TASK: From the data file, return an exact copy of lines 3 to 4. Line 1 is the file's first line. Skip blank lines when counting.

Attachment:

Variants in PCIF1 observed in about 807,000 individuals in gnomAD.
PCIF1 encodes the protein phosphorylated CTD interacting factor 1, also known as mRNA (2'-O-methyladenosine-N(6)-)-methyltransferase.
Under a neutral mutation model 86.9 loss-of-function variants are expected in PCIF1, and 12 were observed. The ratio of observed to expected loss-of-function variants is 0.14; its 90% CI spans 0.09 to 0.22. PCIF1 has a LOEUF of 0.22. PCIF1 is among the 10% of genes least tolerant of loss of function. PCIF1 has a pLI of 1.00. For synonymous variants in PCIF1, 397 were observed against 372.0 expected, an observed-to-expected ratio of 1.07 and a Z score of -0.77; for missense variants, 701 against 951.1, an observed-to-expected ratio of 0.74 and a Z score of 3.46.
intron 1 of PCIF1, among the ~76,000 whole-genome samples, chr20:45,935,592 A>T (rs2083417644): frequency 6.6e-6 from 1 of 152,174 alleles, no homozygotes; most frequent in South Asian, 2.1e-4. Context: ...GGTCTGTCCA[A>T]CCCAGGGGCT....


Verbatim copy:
Under a neutral mutation model 86.9 loss-of-function variants are expected in PCIF1, and 12 were observed. The ratio of observed to expected loss-of-function variants is 0.14; its 90% CI spans 0.09 to 0.22. PCIF1 has a LOEUF of 0.22. PCIF1 is among the 10% of genes least tolerant of loss of function. PCIF1 has a pLI of 1.00. For synonymous variants in PCIF1, 397 were observed against 372.0 expected, an observed-to-expected ratio of 1.07 and a Z score of -0.77; for missense variants, 701 against 951.1, an observed-to-expected ratio of 0.74 and a Z score of 3.46.
intron 1 of PCIF1, among the ~76,000 whole-genome samples, chr20:45,935,592 A>T (rs2083417644): frequency 6.6e-6 from 1 of 152,174 alleles, no homozygotes; most frequent in South Asian, 2.1e-4. Context: ...GGTCTGTCCA[A>T]CCCAGGGGCT....